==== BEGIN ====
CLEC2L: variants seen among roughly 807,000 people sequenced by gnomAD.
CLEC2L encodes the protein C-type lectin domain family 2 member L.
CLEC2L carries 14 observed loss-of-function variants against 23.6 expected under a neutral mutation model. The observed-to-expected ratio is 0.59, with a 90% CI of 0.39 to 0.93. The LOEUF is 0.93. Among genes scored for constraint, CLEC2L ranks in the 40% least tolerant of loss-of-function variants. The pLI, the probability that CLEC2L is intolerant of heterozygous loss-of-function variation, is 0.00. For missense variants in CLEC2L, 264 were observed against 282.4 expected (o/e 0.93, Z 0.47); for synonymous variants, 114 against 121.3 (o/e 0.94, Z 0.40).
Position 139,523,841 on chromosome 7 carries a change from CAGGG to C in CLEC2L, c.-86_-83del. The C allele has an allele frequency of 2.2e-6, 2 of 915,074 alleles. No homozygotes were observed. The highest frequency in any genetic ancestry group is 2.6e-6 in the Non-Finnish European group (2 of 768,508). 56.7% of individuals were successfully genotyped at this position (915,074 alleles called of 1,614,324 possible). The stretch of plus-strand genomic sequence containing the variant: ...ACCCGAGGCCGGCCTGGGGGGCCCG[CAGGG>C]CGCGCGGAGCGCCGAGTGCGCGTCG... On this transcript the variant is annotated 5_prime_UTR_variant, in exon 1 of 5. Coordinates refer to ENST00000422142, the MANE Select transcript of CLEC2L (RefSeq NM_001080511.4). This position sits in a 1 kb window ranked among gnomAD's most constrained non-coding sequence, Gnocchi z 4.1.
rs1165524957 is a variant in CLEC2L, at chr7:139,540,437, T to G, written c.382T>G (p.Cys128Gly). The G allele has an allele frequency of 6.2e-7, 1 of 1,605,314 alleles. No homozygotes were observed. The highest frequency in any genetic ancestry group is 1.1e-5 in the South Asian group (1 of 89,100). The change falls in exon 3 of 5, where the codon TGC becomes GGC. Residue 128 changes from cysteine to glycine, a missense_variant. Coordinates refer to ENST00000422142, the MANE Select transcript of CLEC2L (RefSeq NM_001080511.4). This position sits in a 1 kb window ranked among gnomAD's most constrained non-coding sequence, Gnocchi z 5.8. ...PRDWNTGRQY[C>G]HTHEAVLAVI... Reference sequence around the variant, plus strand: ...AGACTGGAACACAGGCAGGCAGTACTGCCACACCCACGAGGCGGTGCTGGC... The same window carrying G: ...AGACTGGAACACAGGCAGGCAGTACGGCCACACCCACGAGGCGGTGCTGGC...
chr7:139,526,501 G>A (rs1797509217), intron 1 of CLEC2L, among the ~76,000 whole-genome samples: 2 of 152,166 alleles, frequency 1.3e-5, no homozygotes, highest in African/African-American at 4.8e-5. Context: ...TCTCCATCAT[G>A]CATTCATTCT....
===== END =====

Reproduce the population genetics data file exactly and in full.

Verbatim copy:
CLEC2L: variants seen among roughly 807,000 people sequenced by gnomAD.
CLEC2L encodes the protein C-type lectin domain family 2 member L.
CLEC2L carries 14 observed loss-of-function variants against 23.6 expected under a neutral mutation model. The observed-to-expected ratio is 0.59, with a 90% CI of 0.39 to 0.93. The LOEUF is 0.93. Among genes scored for constraint, CLEC2L ranks in the 40% least tolerant of loss-of-function variants. The pLI, the probability that CLEC2L is intolerant of heterozygous loss-of-function variation, is 0.00. For missense variants in CLEC2L, 264 were observed against 282.4 expected (o/e 0.93, Z 0.47); for synonymous variants, 114 against 121.3 (o/e 0.94, Z 0.40).
Position 139,523,841 on chromosome 7 carries a change from CAGGG to C in CLEC2L, c.-86_-83del. The C allele has an allele frequency of 2.2e-6, 2 of 915,074 alleles. No homozygotes were observed. The highest frequency in any genetic ancestry group is 2.6e-6 in the Non-Finnish European group (2 of 768,508). 56.7% of individuals were successfully genotyped at this position (915,074 alleles called of 1,614,324 possible). The stretch of plus-strand genomic sequence containing the variant: ...ACCCGAGGCCGGCCTGGGGGGCCCG[CAGGG>C]CGCGCGGAGCGCCGAGTGCGCGTCG... On this transcript the variant is annotated 5_prime_UTR_variant, in exon 1 of 5. Coordinates refer to ENST00000422142, the MANE Select transcript of CLEC2L (RefSeq NM_001080511.4). This position sits in a 1 kb window ranked among gnomAD's most constrained non-coding sequence, Gnocchi z 4.1.
rs1165524957 is a variant in CLEC2L, at chr7:139,540,437, T to G, written c.382T>G (p.Cys128Gly). The G allele has an allele frequency of 6.2e-7, 1 of 1,605,314 alleles. No homozygotes were observed. The highest frequency in any genetic ancestry group is 1.1e-5 in the South Asian group (1 of 89,100). The change falls in exon 3 of 5, where the codon TGC becomes GGC. Residue 128 changes from cysteine to glycine, a missense_variant. Coordinates refer to ENST00000422142, the MANE Select transcript of CLEC2L (RefSeq NM_001080511.4). This position sits in a 1 kb window ranked among gnomAD's most constrained non-coding sequence, Gnocchi z 5.8. ...PRDWNTGRQY[C>G]HTHEAVLAVI... Reference sequence around the variant, plus strand: ...AGACTGGAACACAGGCAGGCAGTACTGCCACACCCACGAGGCGGTGCTGGC... The same window carrying G: ...AGACTGGAACACAGGCAGGCAGTACGGCCACACCCACGAGGCGGTGCTGGC...
chr7:139,526,501 G>A (rs1797509217), intron 1 of CLEC2L, among the ~76,000 whole-genome samples: 2 of 152,166 alleles, frequency 1.3e-5, no homozygotes, highest in African/African-American at 4.8e-5. Context: ...TCTCCATCAT[G>A]CATTCATTCT....